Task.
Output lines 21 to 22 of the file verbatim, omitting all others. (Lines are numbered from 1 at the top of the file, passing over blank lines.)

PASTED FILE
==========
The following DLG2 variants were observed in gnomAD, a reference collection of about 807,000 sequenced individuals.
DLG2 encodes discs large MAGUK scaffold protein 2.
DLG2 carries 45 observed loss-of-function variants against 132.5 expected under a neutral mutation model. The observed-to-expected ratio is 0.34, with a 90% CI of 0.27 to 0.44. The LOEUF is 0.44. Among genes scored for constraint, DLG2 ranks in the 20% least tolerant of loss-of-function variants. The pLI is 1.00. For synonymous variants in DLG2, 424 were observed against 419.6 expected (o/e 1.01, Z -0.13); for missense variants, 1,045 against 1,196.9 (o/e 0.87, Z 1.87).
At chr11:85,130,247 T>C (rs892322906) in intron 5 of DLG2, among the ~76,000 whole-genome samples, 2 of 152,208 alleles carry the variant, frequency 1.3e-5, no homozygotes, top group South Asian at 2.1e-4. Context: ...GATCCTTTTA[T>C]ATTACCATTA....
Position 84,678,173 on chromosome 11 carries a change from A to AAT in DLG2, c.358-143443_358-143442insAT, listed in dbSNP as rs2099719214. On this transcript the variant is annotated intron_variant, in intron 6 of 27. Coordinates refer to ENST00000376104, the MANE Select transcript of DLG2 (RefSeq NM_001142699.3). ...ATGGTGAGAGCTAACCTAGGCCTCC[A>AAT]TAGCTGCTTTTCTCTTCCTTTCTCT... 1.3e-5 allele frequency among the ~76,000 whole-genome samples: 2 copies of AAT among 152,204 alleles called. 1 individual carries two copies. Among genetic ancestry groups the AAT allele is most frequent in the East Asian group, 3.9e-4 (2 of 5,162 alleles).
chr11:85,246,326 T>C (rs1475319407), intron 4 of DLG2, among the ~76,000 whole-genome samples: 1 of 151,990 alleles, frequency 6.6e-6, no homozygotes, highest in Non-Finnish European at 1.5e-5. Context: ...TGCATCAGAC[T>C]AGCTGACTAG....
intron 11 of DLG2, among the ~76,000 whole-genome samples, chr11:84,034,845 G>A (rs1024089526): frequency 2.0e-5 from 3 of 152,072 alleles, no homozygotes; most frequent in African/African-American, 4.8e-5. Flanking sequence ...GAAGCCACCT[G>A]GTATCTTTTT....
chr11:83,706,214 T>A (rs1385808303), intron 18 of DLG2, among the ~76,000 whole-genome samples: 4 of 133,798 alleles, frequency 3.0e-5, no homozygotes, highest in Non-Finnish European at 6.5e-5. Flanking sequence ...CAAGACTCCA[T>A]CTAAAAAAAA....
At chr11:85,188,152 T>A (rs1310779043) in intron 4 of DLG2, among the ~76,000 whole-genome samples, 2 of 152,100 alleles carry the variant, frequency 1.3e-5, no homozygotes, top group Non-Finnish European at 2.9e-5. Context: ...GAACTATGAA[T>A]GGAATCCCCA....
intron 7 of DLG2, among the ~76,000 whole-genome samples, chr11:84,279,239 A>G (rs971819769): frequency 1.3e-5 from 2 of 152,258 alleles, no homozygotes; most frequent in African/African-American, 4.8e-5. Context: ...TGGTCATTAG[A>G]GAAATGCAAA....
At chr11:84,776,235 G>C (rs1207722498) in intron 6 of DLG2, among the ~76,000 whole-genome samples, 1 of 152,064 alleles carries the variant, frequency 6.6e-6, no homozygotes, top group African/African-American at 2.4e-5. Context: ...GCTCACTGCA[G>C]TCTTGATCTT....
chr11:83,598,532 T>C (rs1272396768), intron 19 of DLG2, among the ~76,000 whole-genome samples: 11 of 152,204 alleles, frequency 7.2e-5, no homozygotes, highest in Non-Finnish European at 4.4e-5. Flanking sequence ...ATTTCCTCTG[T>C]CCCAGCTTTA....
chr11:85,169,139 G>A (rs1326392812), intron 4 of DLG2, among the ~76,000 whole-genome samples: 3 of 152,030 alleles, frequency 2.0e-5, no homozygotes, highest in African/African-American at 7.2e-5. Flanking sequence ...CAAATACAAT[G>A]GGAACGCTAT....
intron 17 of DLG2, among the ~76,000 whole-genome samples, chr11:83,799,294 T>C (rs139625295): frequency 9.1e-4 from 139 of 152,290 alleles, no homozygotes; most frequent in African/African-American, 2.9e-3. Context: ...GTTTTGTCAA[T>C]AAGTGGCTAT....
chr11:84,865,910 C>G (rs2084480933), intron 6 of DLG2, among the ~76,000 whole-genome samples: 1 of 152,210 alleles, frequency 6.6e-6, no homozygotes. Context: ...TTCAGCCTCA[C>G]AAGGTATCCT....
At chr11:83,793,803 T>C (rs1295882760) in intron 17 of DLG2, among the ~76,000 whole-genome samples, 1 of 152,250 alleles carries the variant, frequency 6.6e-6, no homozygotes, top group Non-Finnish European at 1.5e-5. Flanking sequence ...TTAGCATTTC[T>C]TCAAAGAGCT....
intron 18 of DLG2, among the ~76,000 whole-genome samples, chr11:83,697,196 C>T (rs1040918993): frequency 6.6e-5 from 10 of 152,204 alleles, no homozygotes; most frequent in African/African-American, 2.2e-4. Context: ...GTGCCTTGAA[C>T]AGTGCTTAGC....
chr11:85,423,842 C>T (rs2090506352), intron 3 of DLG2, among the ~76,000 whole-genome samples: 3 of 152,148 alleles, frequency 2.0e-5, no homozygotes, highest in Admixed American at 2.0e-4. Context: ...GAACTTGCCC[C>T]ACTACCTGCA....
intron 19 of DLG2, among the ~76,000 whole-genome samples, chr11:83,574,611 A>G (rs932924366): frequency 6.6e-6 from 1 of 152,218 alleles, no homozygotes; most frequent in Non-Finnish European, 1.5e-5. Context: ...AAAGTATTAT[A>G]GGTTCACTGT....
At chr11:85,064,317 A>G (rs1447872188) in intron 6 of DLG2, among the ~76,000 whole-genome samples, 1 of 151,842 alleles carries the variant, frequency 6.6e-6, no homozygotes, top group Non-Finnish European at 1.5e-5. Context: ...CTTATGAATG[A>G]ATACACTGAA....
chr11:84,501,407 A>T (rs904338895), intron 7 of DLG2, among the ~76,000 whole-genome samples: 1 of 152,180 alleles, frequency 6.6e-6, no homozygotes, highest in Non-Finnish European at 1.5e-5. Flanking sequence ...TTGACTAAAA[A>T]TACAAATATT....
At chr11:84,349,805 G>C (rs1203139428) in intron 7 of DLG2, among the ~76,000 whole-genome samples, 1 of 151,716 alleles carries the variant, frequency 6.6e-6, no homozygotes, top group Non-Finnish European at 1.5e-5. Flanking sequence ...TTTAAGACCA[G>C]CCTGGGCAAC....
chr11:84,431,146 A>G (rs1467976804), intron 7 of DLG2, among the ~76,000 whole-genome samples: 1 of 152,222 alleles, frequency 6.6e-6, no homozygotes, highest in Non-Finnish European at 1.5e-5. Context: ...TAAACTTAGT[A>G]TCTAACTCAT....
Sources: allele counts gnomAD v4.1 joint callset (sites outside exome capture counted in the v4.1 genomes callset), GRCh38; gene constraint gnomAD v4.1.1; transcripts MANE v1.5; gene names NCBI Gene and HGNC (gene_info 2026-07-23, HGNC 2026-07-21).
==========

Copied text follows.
chr11:84,501,407 A>T (rs904338895), intron 7 of DLG2, among the ~76,000 whole-genome samples: 1 of 152,180 alleles, frequency 6.6e-6, no homozygotes, highest in Non-Finnish European at 1.5e-5. Flanking sequence ...TTGACTAAAA[A>T]TACAAATATT....
At chr11:84,349,805 G>C (rs1203139428) in intron 7 of DLG2, among the ~76,000 whole-genome samples, 1 of 151,716 alleles carries the variant, frequency 6.6e-6, no homozygotes, top group Non-Finnish European at 1.5e-5. Flanking sequence ...TTTAAGACCA[G>C]CCTGGGCAAC....